Workplace strategy consultancy, Meta5 Group, predicts smaller office spaces and flexibility within the workplace post Covid-19.
Flexibility within the workplace has been a hot topic of conversation over the last month, particularly with Prime Minister Jacinda Ardern encouraging businesses to discuss a four day work week. If the future consists of activity-based-working combined with work from home policies, real estate requirements can be reduced by 30 to 50 percent.
Workplace strategy director of Meta5 Group New Zealand, Christian Pistauer, says economic pressure combined with demand for flexibility and digitisation will push the workplace into a different direction.
“Businesses will be reducin their physical footprint and look to invest in technology solutions to build and maintain culture and enable felxible working practices.
“As many have come to realise, the office does provide a valuable space for collaboration as well as intangibles such as socialising and bond-building. The office will become a hub, a place that employees choose to go to fulfill a certain type of work.”
Mega5 believe an average office of 1,200sqm rentable office space with around 100 employees will be reduced to 600-700sqm in coming years to save on significant costs. Pistauer says while Covid-19 has caused a lot of stress and difficult decisions, not all the mid to long term changes are negative.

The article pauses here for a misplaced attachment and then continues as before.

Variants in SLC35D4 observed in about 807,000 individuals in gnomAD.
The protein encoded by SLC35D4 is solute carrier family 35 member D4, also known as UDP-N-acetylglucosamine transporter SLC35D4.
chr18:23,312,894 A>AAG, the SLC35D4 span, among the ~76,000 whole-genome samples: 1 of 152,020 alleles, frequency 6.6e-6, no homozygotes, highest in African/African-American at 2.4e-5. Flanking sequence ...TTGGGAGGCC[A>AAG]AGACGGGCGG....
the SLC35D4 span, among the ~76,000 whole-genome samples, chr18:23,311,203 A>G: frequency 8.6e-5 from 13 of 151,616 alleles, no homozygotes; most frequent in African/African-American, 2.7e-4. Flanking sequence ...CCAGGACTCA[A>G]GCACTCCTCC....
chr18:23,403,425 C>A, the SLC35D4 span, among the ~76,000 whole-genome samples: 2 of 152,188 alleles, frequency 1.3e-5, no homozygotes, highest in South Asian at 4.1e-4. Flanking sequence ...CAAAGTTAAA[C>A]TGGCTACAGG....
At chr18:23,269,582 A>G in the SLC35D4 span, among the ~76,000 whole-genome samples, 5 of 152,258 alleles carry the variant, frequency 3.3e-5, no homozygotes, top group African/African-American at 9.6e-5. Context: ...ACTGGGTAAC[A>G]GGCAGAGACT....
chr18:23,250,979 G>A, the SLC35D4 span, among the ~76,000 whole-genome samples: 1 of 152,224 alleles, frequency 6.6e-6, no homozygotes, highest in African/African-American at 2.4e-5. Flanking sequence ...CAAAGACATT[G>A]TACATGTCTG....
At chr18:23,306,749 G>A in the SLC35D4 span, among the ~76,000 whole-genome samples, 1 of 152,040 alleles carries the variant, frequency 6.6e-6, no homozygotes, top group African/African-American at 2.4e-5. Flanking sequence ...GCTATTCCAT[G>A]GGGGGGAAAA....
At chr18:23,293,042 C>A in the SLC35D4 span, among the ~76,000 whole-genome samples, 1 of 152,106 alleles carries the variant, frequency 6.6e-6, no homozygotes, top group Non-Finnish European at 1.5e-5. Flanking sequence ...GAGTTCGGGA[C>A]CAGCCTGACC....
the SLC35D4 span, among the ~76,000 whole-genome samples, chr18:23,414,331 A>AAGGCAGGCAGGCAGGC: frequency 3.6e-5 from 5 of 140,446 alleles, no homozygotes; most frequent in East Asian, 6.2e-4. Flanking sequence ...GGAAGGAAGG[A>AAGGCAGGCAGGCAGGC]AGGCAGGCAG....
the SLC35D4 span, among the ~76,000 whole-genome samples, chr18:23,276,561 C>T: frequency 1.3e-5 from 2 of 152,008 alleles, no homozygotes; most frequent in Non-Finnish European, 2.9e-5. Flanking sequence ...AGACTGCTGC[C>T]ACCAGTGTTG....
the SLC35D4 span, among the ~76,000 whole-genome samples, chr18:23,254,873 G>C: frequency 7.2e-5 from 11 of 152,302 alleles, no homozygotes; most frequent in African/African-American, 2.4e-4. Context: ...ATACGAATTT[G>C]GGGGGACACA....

“For most businesses, the coming year will not be a process of simply returning to how things were, but will involve selecting the positive aspects of what has been learned in the enforced shift to flexible working.”
In today’s world, it has been proven that employees can work in more than one place in order to carry out their role. Looking forward, it will be important for employers to implement modern work from home policies and activity-based-working in their new models of working.
Pistauer says there will be a rise in flexibility in the workplace, which will be smarter and better managed than what we are used to. He discusses four layers of flexibility, including flexibility in place, flexibility in the role, flexibility in time, and flexibility in leave.
“Job sharing, part time, working and employing contractors are likely to become more common in the coming years. A good flexible working policy will also make provisions for allowing more unpaid leave to be taken, and will be more lenient with regards holiday transfer and time in lieu.
To assist a flexible workplace, there will be a significant push for businesses to move from paper-based storage to iCloud facilities. Pistauer explains video conference rooms and personalised equipment will become a necessity which will be an area of increased spending however an investment in the long run.
“We have been measuring the success of workplace transformations since 2012. In our experience there is a significant difference in how successfully organisations adapt to the transition to a more modern way of working.”
“Some take to it instantly, increasing productivity and reducing costs, all the while reporting increased employee satisfaction. Others struggle with the change, and experience the opposite results.”